Until the Middle Ages the Black Forest was really and truly a dark forest- neither more nor less. It was as the Romans said a "silva nigra", a murky and almost impenetrable woodland. Only the highest mountains (the "Hornisgrinde" in the north, the "Feldberg" in the south) could be seen above the maze of trees.
This situation, however, changed in the late Middle Ages, when the huge fir trees and pine trees were all of a sudden used as lumber. The best tree trunks were tied together as huge rafts and taken down the river Rhine to the Netherlands.
A lot of wood was needed for the glass industry and for mining. The fuel to melt the minerals was cut down next to the mines.
That is why by the 17th century half of the forest was cut down and used as a source of energy. Many of the flourishing communities were turned into impoverished regions. Yet a positive side effect was that the region became more inviting and less hostile.
In the south more of the area is wood land again, consisting of different kinds of trees now, not only of fir and pine trees - and after the medieval phase of clearing the forest beautiful meadows have developed on slopes and in higher regions.
Thus after many changes the Black Forest presents itself as a collection of regions which are not distinctly separated from each other. In order to inform about this region it makes things easier to divide the Black Forest up into three areas, the northern part, the middle and the southern part.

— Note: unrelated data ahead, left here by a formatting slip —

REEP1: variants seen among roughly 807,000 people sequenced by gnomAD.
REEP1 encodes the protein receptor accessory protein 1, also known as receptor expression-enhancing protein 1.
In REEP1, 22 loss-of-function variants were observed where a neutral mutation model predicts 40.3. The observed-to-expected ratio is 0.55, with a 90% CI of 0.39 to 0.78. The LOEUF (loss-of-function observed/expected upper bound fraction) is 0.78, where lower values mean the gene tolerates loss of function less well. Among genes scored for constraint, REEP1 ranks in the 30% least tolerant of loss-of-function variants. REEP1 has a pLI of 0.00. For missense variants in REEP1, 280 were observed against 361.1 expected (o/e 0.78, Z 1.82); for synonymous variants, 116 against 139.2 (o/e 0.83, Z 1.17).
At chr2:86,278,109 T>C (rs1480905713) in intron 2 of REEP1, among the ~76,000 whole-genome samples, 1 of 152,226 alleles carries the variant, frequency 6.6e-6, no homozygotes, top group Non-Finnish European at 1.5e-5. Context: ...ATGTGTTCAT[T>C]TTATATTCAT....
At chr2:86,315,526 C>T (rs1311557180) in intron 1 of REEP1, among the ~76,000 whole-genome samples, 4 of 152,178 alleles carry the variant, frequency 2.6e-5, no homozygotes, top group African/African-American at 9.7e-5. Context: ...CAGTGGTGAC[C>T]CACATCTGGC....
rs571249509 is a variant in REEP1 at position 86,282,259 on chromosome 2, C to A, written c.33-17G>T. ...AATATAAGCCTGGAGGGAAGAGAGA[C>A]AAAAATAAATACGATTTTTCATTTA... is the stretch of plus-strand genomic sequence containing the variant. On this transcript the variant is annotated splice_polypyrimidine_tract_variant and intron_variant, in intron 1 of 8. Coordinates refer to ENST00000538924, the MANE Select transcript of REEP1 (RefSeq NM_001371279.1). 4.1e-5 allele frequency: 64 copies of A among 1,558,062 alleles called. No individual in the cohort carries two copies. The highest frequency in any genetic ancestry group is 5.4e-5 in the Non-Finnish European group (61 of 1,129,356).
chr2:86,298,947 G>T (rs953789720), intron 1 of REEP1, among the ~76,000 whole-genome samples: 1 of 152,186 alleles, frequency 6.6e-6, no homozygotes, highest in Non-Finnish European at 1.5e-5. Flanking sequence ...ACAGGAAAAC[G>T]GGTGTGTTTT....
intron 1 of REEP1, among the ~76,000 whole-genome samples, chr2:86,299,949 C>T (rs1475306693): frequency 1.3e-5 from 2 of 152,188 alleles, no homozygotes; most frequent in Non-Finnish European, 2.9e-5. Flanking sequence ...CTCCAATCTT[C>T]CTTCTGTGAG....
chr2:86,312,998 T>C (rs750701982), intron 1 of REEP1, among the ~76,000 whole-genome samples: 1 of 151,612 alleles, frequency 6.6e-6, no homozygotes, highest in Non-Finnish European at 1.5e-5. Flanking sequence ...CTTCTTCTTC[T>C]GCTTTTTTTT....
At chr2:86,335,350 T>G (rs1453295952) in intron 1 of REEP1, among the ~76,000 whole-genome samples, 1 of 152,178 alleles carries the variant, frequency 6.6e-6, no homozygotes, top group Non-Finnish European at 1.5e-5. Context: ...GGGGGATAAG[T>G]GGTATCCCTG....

> The Regions
> The Black Forest is divided into three areas
> Famous Roads
> Homeland of the Rafters
> Lakes and the Highest Mountain
> Glaciers and Lakes: The Primeval Landscape
> The Upland Moors: The typical landscape
> At the Schluchsee
> Lake Titisee
> The Höllental
> The gorge of the Wutach
> The Belchen
> The Schauinsland
> The mountain called Feldberg
> The lake called Feldsee in the Feldberg massif
> In the region called Hotzenwald
> Four valleys in the Hotzenwald region
> The fifth valley in the Hotzenwald